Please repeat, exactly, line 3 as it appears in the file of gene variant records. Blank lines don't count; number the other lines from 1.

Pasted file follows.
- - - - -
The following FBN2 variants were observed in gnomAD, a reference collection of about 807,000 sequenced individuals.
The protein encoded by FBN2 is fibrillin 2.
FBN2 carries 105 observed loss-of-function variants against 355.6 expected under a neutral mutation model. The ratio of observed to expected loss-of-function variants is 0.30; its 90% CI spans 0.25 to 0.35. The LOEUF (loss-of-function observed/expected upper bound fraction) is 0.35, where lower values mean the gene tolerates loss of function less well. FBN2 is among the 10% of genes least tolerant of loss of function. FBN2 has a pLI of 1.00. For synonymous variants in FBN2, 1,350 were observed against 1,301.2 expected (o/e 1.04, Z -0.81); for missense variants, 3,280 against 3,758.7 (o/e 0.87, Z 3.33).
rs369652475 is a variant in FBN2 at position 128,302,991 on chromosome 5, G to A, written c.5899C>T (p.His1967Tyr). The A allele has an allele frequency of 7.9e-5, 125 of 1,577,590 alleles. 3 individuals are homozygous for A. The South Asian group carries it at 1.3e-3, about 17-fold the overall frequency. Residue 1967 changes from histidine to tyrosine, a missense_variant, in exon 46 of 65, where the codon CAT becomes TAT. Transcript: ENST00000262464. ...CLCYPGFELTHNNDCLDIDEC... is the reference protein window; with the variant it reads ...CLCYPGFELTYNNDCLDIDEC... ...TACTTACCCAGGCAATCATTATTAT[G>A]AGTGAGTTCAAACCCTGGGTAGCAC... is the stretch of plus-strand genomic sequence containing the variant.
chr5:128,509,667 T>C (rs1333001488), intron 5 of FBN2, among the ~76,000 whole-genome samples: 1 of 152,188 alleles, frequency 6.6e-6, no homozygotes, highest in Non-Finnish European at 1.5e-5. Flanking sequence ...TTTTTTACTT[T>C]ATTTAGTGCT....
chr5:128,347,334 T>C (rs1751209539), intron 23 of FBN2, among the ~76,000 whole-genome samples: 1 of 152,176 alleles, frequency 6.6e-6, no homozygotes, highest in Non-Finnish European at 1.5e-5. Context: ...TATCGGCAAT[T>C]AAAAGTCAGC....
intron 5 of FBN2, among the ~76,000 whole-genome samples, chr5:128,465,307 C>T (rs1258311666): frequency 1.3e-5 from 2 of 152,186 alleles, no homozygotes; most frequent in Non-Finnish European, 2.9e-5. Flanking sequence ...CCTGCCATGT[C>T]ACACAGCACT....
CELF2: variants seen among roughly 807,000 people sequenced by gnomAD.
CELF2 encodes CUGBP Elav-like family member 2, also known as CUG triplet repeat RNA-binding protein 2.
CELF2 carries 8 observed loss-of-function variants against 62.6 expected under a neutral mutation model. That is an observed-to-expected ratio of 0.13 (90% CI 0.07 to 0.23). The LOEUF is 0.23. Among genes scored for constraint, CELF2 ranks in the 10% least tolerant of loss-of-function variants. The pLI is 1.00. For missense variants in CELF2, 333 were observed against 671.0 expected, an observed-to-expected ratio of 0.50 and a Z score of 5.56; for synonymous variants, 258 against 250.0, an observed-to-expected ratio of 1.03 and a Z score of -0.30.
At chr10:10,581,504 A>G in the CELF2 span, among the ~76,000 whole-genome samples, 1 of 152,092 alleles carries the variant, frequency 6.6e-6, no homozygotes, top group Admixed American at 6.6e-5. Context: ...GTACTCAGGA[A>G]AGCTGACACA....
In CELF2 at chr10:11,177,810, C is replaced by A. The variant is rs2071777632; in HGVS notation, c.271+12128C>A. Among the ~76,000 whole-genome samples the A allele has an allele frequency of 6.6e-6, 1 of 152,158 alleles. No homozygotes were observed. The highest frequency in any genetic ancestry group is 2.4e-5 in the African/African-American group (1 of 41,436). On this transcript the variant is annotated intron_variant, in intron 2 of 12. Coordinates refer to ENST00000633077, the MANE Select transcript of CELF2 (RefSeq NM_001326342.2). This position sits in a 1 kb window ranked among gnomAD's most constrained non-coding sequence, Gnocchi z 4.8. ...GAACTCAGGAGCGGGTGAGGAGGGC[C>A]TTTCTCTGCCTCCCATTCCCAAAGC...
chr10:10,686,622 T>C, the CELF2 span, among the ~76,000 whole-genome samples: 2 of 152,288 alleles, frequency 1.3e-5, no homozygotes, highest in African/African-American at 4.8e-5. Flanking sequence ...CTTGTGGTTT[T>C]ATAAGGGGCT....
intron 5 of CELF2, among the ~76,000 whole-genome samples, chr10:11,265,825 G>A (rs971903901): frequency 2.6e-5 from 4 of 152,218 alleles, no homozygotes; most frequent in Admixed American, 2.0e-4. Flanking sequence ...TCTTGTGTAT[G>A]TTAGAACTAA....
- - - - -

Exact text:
FBN2 carries 105 observed loss-of-function variants against 355.6 expected under a neutral mutation model. The ratio of observed to expected loss-of-function variants is 0.30; its 90% CI spans 0.25 to 0.35. The LOEUF (loss-of-function observed/expected upper bound fraction) is 0.35, where lower values mean the gene tolerates loss of function less well. FBN2 is among the 10% of genes least tolerant of loss of function. FBN2 has a pLI of 1.00. For synonymous variants in FBN2, 1,350 were observed against 1,301.2 expected (o/e 1.04, Z -0.81); for missense variants, 3,280 against 3,758.7 (o/e 0.87, Z 3.33).